Simple and (almost) Fat Free Apple Cake
I always love to watch people cooking, specially to see how their process is – not only in terms of what ingredients they choose to cook with, but also in terms of how they organize things and manage the time they spend preparing a meal. I’m not sure if I’ve told you this before, but I’m not (really) an organized cook. Firstly, I spend way too much time preparing things, and secondly, I tend to be messy. I know some people who are always cleaning up and arranging the ingredients they’re working with on the kitchen counter, and even though I try to be like them, it seems I can’t achieve such level of method. Pans, plates and bowls are left on the kitchen sink, waiting for the meal to be done to get washed; ingredients remain on the counter even though I might have already used them; t-shirts and sweaters get stained with tomato sauce, cake batter, and so on, because most of the time I forget to put the apron on. I don’t mean to scare you – in fact, if you’d come over for dinner, I’d do my best to hide the evidences of my messiness.
Things tend to get worse when I bake – flour all over the place, packages of sugar and margarine clearly out of their natural environment, dirty bowls and cups pilled up on the sink. You get the scenario. As I was thinking about this the other day, I thought it’d be great if I could come up with a cake recipe that would require minimal effort and the use of only a few kitchen utensils.
The recipe for the Apple Cake I’m sharing with you today, even though requiring the use of a food processor, can be pretty much considered a clean-up-friendly type of cake. It’s also gluten-free and (almost) fat free, meaning that a second or third slice won’t hurt. The fact that it’s a fat free cake doesn’t compromise its flavor, which is delicate, yet full of warmth, for which the addition of a generous amount of ground cinnamon definitely contributes.
And finally last, but definitely not the least: I’m really (really!) excited to be a contributor for Honest Cooking, a brand new online food magazine that has launched just yesterday. My very first article can be found here, but please do check out the website, it’s really well worth it!
Simple and (almost) Fat Free Apple Cake
(for one 20 cm – 8 inches – round pan)
1/2 cup (73 grams) buckwheat flour
½ cup (80 grams) brown rice flour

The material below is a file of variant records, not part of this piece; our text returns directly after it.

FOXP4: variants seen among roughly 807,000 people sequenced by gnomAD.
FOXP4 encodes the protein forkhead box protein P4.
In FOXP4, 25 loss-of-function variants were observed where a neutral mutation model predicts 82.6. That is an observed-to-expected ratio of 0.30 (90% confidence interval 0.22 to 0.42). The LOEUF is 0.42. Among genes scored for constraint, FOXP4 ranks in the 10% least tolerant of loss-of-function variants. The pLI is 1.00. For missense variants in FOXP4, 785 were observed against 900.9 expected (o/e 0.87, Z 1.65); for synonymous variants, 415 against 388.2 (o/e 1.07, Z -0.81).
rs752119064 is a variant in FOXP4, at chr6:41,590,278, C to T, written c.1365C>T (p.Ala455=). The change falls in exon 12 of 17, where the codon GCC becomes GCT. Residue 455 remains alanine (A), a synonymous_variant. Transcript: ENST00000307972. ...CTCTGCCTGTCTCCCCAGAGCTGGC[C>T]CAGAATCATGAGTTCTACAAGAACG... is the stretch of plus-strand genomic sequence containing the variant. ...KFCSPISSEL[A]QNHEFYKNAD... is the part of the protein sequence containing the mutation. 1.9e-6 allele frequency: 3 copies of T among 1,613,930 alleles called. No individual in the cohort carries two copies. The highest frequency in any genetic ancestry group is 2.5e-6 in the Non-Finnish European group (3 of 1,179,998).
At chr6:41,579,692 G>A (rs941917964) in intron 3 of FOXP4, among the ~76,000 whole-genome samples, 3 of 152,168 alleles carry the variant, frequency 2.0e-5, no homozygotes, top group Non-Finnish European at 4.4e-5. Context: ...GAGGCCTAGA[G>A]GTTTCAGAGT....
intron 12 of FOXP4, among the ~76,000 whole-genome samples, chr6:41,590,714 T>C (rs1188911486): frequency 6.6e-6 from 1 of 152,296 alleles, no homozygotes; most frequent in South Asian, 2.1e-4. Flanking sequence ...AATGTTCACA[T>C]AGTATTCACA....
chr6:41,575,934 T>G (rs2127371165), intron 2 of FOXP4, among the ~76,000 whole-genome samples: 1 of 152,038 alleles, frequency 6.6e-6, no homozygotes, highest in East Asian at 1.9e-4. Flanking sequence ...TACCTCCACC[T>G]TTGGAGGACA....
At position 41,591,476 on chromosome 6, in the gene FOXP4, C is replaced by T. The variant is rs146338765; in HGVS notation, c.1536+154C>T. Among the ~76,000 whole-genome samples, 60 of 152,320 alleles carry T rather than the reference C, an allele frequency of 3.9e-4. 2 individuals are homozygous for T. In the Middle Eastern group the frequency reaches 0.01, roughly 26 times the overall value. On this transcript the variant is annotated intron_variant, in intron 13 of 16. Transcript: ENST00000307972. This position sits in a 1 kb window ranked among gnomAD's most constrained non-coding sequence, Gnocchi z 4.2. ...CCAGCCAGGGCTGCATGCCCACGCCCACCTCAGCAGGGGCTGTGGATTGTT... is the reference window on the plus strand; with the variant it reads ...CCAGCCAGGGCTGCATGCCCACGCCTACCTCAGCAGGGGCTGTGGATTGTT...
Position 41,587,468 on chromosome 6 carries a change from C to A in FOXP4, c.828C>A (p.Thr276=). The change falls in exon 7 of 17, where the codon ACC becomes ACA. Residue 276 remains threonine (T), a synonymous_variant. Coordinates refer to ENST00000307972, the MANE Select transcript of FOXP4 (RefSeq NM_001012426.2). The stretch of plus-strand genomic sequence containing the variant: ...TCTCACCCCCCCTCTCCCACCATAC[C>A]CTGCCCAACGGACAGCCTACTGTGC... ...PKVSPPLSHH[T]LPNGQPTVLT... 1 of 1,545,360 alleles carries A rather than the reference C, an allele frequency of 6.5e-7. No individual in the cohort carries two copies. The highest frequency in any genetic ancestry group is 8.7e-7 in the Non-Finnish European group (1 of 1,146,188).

1/3 cup (35 grams) oat flour
1 teaspoon baking powder
½ teaspoon baking soda
a pinch of salt
1 teaspoon ground cinnamon
6 tablespoons agave nectar
½ cup (65 grams) light muscavado sugar
½ cup (125 ml) apple juice
½ cup (125 ml) soy milk
100 grams (one medium sized) banana, peeled
250 grams (2 medium sized units) sweet apples (such as Starking or Red Delicious)
1 tablespoon light muscavado sugar
1 tablespoon cold vegan margarine, cut into very small pieces
a good pinch of ground cinnamon
1. Pre-heat the oven to 180º.
2. Grease a 20 cm (8 inches) round baking pan with melted vegan margarine and dust it lightly with flour.
3. In a large bowl, combine all the ingredients for the dry mixture. Set aside.
4. In a bowl of a food processor, combine the agave nectar with the muscavado sugar. Process, at medium speed, until creamy. Add the apple juice, soy milk and the banana and process for additional 2 minutes, or until totatlly smooth.
5. Slowly pour the wet mixture into the bowl with the dry ingredients, mixing everything with a spatula. Even though you shouldn’t overmix the batter, make sure it doesn’t have any lumps.
6. Transfer the cake batter to the prepared pan.
7. In the meantime, peel and core the apples and cut them into thin slices. Then, arrange the apple slices evenly on top of the cake. Sprinkle it with the remaining tablespoon of muscavado sugar and a pinch of ground cinnamon. To finish things off, evenly distribute the margarine pieces on top of the cake.
8. Bake the cake in the preheat oven for 30 to 35 minutes, or until the top is golden brown. Let it cool for 10 to 15 minutes in the pan, after which you should transfer it to a wire rack or large plate to cool down completely. To do this, carefully flip the cake onto a large plate (it will be upside down), and then use another plate to flip it again. Serve warm or at room temperature.